One recent example is a partnership between the NAACP, YMCA, and Impact Shares (a nonprofit investment manager). In November 2017, the group announced the offering of two exchange traded funds (ETFs) in Chicago, one focused on investing in social justice and one focused on women. The Minority Empowerment ETF will invest in companies that empower minorities through their hiring and compensation practices, and the Women’s Empowerment ETF will invest in companies that promote the advancement of women and workplace equity.

Interest in sustainable investing is rising, especially among millennials: According to Morgan Stanley’s 2017 report, Sustainable Signals: New Data from the Individual Investor, 75 percent of individual investors are interested in pursuing investments that “aim to achieve market-rate financial returns while pursuing positive social and/or environmental impact.” This interest is even higher among millennials, with 86 percent interested in sustainable investing, and women, with 84 percent interested in sustainable investing – as compared to 67 percent of men.  As millennials stand to inherit from aging baby boomer parents, more investment capital will be in their hands, and this transfer of wealth, given their interest in SRI, has the power to nudge more institutional investors into sustainable investing. For example, employers offering 401(k)s and other retirement savings plans will need to consider that, according to Morgan Stanley, 90 percent of millennials would be interested in choosing sustainable investment as part of their 401(k), if it was an option, as compared to 72 percent of the total individual investor population.

Yet, despite these favorable trends, two challenges slow the pace of its growth.

Continuing belief that impact comes at the expense of financial returns. A 2015 study by Deutsche Asset & Wealth Management and Hamburg University found that across 2000 empirical studies on ESG performance, 90 percent show a positive correlation between ESG and corporate financial performance. Yet many Americans still hold the perception that investing based on ESG impact comes at the expense of financial gain. Fifty-nine percent of millennials surveyed for Morgan Stanley’s report consider sustainable investing to involve a financial trade-off, and that makes funds hesitant to emphasize impact. The recent announcement of the Rise of the Rest Fund, a seed fund to invest in small businesses across the U.S. outside the pockets of NYC and Silicon Valley, was quick to point out that its purpose is financial performance not impact.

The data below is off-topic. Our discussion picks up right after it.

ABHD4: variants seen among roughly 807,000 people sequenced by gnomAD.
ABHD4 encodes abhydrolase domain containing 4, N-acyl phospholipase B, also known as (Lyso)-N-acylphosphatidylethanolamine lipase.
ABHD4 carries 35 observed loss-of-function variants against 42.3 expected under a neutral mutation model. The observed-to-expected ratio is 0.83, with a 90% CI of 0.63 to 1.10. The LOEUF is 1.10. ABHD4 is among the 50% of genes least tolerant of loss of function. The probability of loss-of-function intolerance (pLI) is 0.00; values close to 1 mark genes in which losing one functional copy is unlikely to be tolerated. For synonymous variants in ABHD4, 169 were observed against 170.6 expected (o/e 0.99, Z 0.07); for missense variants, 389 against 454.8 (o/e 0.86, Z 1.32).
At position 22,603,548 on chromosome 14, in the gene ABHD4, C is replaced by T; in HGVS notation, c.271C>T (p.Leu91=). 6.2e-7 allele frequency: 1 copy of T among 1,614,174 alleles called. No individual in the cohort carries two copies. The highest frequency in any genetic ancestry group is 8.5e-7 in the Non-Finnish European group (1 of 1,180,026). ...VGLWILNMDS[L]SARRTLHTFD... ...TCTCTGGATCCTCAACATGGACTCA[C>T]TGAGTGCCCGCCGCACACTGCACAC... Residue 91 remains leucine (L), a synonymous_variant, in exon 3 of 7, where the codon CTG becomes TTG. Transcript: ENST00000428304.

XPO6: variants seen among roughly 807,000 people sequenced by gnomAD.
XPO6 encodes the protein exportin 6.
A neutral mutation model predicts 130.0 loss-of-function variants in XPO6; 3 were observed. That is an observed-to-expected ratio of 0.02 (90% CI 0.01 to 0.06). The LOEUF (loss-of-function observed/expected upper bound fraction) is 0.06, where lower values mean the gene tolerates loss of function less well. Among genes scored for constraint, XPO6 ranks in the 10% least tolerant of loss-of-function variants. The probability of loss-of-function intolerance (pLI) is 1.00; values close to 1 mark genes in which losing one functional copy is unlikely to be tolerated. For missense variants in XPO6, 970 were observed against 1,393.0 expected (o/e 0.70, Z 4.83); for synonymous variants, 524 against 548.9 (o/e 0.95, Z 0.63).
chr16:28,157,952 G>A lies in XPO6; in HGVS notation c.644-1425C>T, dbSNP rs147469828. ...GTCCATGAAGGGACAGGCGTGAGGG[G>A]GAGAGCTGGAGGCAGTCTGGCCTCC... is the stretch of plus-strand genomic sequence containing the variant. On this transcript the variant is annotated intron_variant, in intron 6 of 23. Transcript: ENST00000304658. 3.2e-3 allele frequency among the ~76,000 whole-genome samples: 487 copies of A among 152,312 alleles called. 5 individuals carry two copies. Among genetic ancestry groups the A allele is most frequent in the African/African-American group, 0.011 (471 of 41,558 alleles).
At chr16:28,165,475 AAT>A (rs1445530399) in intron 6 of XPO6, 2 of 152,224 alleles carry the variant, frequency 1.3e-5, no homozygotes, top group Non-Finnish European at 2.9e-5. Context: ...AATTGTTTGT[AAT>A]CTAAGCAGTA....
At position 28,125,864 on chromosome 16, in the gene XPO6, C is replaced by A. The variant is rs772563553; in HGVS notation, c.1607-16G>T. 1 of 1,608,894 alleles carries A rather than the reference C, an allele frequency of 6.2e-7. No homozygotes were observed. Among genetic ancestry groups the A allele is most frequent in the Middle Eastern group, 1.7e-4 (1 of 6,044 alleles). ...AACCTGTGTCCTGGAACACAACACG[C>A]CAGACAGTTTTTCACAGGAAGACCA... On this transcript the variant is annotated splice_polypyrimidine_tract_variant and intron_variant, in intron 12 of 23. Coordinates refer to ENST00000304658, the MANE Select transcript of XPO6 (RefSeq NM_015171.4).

How to measure and what’s most important? Measuring the impact of SRI investments is tricky. A framework which measures investments in a way that fully captures social results alongside financial performance is still developing. Investors care about both market rate returns and impact, but with some types of investments and investors higher returns are not always the primary goal. A more nuanced system of measurement is required, based on the investors’ individual investment priorities, that also accommodates the diversity of investment offerings and definitions of what constitutes SRI (e.g., impact investment, shareholder resolution, or ESG screen).

What next? The SRI field is still evolving, yet the acceleration of investments into SRI and the increased interest by both individuals and institutional investors are encouraging. Hopefully, SRI investors will continue to listen to what investees are asking: provide more ways for individuals to invest in a variety of products and platforms; invest in women, minorities, small businesses and communities; and combat perception biases through more rigorous investment objectives and measurement.